My Beliefs about Teaching and Learning

We often ask ourselves what being educated actually signifies.  In my opinion, an educated person is one who is capable to adapt and resolve to any situation that life throws at them.


I have always strongly believed that teachers play an important role in the development of their students.   For starters, I believe teachers should always have the best interests of their students and community at heart in their classroom, from conducting a lecture to one-on-one sessions with students struggling with a concept.  Learning should be something that is personal to one’s self as everybody learns differently.  Over the course of my field experiences, I have noticed that one of the struggles today’s classrooms face is that they minimize the importance of creativity and critical thinking.  Education should not be black or white; it is all those shades of grey in between.  As stated by Parkay et al. (2014), “there is no universally accepted definition of good teaching or learning” (p. 51).  With all the concepts and tools that educators possess, it is our goal to make sense of this grey zone.  Instead of imposing a specific way of teaching/learning to students, educators should focus on what they can do to develop new ways of teaching their courses’ material.

In my upcoming career, I may be faced with limitations that will impede me from reaching my true teaching goal.  It will be my duty to make the most out of the resources that are available to me in giving all students an equal opportunity at reaching their full potential.  Furthermore, I strongly believe that knowledge is communally built.  Reciprocal teaching is a method I cherish as it creates this sense of community, trust, and care within the classroom.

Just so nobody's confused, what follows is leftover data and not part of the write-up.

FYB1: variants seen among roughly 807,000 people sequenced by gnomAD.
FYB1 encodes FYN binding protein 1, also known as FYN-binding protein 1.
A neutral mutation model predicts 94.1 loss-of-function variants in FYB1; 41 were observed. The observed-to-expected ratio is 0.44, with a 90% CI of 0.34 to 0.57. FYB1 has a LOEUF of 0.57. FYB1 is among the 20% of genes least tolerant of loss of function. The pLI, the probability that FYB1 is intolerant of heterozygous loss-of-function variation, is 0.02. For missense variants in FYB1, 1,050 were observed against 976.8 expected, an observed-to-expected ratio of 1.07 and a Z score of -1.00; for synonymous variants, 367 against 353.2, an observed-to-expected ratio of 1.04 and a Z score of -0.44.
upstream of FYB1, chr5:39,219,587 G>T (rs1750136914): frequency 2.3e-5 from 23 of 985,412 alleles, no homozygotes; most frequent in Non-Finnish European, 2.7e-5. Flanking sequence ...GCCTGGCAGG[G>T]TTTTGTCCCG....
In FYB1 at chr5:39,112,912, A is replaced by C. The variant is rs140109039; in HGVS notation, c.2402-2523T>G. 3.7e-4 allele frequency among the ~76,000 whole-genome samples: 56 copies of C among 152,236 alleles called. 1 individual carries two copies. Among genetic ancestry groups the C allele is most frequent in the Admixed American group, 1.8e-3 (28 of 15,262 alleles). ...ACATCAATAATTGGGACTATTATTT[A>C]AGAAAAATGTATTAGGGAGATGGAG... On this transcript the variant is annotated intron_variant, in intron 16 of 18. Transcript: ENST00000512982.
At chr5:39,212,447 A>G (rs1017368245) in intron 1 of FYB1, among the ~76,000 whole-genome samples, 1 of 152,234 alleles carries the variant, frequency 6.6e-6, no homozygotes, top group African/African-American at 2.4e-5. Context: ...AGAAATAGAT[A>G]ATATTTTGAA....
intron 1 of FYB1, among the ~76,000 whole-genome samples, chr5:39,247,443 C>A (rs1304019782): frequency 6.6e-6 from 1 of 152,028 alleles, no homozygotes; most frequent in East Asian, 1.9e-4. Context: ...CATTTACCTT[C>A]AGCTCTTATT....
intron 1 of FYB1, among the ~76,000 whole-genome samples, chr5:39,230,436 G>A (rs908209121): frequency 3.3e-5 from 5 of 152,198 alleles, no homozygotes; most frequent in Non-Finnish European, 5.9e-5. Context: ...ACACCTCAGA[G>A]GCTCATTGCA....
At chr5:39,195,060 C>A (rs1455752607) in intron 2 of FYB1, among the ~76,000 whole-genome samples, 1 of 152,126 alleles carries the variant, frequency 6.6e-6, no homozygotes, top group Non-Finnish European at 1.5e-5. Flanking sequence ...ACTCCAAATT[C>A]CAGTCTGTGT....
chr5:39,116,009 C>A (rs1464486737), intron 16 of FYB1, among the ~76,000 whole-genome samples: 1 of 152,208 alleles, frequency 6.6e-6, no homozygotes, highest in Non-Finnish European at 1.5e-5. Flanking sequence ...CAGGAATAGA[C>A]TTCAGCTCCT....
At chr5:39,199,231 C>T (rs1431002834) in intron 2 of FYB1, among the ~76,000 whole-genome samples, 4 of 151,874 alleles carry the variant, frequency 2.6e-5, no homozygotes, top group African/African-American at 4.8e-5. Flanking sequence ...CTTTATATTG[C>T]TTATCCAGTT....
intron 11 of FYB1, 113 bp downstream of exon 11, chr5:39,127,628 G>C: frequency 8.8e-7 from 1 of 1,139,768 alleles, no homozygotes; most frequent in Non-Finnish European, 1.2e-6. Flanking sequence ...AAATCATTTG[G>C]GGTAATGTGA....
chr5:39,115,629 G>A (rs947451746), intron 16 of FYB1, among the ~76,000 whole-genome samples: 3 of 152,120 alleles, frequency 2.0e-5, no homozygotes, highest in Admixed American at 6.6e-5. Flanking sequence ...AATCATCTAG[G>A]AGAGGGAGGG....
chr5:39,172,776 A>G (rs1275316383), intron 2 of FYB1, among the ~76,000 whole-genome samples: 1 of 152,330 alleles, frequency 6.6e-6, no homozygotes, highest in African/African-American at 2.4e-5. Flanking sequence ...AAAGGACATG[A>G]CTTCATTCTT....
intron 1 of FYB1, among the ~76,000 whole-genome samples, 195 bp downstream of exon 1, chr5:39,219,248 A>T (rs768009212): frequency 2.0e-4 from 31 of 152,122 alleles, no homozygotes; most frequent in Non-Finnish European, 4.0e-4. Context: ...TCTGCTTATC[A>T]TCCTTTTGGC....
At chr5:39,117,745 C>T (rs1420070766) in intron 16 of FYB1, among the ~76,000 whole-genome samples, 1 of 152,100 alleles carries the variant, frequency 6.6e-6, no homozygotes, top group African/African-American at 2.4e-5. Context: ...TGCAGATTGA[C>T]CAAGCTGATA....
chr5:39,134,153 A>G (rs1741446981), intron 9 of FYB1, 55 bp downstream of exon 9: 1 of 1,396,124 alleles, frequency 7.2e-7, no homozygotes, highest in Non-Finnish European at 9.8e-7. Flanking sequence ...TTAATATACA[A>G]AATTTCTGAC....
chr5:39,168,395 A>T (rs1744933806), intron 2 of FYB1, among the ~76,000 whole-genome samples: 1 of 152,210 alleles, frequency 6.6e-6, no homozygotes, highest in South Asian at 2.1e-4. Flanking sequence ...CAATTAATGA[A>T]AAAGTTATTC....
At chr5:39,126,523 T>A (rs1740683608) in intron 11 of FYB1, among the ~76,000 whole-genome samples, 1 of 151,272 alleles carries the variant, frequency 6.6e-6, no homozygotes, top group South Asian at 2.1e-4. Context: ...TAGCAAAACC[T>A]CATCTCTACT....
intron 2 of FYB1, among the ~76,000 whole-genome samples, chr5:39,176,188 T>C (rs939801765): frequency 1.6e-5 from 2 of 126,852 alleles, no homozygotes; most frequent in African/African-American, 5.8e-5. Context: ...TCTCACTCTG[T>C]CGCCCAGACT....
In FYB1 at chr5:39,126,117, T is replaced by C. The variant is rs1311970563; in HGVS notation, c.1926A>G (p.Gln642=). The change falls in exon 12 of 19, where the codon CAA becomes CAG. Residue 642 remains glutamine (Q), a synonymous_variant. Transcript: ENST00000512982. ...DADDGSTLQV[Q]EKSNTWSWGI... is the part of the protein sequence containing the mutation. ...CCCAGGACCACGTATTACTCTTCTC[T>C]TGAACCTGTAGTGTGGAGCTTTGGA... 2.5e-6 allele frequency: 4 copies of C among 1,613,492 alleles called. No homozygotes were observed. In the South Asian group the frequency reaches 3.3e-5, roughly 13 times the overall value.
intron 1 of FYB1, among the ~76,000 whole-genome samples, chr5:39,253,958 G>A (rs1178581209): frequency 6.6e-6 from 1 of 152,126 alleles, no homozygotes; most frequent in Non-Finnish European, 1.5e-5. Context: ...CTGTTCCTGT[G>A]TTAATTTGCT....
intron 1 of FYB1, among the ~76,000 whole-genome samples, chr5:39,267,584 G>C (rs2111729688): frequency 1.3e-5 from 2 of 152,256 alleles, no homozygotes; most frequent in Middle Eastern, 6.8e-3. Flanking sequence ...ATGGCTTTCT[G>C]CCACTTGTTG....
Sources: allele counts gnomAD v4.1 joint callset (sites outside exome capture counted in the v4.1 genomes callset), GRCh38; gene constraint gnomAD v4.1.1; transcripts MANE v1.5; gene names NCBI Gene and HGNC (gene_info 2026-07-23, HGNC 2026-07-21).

social constructivism

Change is ongoing in our society today and so should the way we approach teaching.  Teachers must be prepared to adapt their philosophy and methods in order to match the growing needs of every child.  I believe teachers and students should learn off each other in an environment where both could exchange and share.  By incorporating my student’s interests into learning activities and lessons, I will be able to create strong bonds of trust that will help me when I need to intervene in difficult situations.  I will strive on creating a strong sense of community in my classroom in which I exercise “authority, show warmth and support, encourage competitiveness or cooperation, and allow for independent judgment and choice” (Parkay et al., 203).

– DISCLAIMER: This belief is not final and will continually be kept up-to-date. –


  • Parkay, F.W., Hardcastle-Stanford, B., Vaillancourt, J.C., Stephens, H.C., Harris, J.R. (2012), Becoming a Teacher (4th Edition), Toronto, ON: Pearson.

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